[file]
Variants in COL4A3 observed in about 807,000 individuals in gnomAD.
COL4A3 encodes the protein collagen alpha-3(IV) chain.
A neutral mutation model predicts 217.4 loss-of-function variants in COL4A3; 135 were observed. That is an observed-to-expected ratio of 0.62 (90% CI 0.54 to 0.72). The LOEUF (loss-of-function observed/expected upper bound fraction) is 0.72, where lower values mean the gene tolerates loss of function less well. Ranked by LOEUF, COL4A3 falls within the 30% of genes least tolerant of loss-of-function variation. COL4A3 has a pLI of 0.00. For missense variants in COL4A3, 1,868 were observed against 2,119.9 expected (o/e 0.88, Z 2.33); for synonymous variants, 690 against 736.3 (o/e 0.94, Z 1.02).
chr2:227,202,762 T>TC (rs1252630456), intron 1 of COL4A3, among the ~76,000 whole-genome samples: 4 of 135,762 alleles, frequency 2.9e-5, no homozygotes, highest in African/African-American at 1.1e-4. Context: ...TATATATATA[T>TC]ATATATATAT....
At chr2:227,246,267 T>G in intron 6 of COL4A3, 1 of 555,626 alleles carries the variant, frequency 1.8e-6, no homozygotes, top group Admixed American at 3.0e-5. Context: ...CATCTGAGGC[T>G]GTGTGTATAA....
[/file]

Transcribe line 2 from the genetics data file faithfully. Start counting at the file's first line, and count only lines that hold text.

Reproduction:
COL4A3 encodes the protein collagen alpha-3(IV) chain.